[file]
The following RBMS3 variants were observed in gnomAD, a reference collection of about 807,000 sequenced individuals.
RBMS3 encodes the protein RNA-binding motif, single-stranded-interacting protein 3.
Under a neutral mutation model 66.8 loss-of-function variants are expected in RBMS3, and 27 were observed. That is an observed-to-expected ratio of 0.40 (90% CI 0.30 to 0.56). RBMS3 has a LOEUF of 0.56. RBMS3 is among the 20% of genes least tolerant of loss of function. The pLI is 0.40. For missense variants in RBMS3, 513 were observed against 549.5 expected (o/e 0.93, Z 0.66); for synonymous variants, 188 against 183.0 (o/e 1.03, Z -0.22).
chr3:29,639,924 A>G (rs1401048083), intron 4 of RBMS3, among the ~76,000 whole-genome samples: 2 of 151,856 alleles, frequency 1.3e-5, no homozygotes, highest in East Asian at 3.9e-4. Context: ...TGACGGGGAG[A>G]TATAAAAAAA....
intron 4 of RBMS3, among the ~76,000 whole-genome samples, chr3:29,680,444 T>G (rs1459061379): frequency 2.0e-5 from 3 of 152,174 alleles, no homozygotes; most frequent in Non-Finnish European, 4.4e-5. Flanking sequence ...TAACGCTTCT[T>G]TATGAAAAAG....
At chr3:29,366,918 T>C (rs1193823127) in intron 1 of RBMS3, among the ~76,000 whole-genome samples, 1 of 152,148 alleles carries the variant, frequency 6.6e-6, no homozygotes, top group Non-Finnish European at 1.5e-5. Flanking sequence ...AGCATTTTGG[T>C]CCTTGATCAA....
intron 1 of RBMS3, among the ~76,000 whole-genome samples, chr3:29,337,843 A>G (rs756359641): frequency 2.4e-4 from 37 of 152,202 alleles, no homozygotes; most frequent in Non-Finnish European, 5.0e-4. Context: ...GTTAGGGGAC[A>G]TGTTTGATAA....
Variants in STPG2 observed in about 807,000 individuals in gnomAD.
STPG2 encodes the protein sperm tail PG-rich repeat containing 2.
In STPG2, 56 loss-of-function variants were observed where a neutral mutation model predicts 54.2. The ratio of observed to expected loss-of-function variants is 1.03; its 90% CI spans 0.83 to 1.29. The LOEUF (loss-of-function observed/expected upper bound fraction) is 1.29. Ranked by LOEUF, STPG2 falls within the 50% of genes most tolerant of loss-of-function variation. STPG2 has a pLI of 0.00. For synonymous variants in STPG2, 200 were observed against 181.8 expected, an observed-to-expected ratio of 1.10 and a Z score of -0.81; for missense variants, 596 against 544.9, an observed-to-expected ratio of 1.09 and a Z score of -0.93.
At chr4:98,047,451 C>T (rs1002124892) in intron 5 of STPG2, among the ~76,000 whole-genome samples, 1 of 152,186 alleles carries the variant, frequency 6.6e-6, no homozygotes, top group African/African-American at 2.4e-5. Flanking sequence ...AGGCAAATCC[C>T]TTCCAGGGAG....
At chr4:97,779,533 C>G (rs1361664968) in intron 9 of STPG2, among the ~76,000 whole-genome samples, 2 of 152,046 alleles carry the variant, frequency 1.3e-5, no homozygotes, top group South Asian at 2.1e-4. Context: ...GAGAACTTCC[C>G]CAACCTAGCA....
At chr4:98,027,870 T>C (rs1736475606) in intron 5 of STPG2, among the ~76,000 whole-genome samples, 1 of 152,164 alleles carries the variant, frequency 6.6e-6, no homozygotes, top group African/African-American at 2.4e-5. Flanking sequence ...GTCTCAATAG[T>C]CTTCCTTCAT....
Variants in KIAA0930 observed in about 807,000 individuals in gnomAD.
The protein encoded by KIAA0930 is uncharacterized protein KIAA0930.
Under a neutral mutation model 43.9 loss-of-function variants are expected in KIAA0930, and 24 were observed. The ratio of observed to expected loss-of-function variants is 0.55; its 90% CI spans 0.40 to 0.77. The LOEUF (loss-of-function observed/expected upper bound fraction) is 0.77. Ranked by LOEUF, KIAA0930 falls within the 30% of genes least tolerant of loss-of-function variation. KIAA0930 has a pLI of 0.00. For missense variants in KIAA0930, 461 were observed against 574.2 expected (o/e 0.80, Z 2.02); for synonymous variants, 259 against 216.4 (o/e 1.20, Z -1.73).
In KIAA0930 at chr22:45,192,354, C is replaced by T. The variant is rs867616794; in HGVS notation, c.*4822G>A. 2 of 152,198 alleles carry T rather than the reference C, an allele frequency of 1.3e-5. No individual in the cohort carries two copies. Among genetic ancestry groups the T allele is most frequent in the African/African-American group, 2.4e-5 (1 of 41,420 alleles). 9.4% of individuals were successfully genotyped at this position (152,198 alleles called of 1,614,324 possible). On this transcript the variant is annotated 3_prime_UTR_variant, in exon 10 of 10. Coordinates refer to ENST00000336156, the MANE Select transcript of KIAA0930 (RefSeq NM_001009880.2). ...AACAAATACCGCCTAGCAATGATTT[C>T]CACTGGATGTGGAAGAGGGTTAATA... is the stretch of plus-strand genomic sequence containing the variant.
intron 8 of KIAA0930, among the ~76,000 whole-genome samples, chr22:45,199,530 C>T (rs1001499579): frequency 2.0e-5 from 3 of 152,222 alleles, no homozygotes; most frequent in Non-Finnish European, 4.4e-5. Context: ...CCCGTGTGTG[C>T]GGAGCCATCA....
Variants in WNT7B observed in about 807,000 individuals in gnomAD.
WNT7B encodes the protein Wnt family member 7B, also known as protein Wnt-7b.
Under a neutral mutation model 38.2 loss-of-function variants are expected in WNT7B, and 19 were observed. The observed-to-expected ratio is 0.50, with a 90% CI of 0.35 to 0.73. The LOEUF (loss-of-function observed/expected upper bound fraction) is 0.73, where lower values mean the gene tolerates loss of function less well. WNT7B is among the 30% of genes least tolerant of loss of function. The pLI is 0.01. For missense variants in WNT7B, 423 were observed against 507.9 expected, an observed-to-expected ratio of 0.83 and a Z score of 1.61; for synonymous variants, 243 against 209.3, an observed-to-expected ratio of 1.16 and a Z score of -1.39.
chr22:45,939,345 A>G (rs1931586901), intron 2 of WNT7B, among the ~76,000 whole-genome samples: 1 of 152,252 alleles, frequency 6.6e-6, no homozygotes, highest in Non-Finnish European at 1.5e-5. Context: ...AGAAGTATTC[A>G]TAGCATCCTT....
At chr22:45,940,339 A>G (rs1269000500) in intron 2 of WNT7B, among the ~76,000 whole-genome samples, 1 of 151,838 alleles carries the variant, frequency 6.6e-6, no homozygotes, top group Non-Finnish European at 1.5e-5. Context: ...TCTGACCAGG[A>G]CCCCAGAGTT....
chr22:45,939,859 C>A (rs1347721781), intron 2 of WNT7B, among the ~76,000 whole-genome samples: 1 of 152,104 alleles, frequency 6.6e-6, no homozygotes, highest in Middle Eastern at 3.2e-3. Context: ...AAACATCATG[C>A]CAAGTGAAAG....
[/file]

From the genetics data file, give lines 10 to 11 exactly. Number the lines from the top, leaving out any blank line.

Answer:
In STPG2, 56 loss-of-function variants were observed where a neutral mutation model predicts 54.2. The ratio of observed to expected loss-of-function variants is 1.03; its 90% CI spans 0.83 to 1.29. The LOEUF (loss-of-function observed/expected upper bound fraction) is 1.29. Ranked by LOEUF, STPG2 falls within the 50% of genes most tolerant of loss-of-function variation. STPG2 has a pLI of 0.00. For synonymous variants in STPG2, 200 were observed against 181.8 expected, an observed-to-expected ratio of 1.10 and a Z score of -0.81; for missense variants, 596 against 544.9, an observed-to-expected ratio of 1.09 and a Z score of -0.93.
At chr4:98,047,451 C>T (rs1002124892) in intron 5 of STPG2, among the ~76,000 whole-genome samples, 1 of 152,186 alleles carries the variant, frequency 6.6e-6, no homozygotes, top group African/African-American at 2.4e-5. Flanking sequence ...AGGCAAATCC[C>T]TTCCAGGGAG....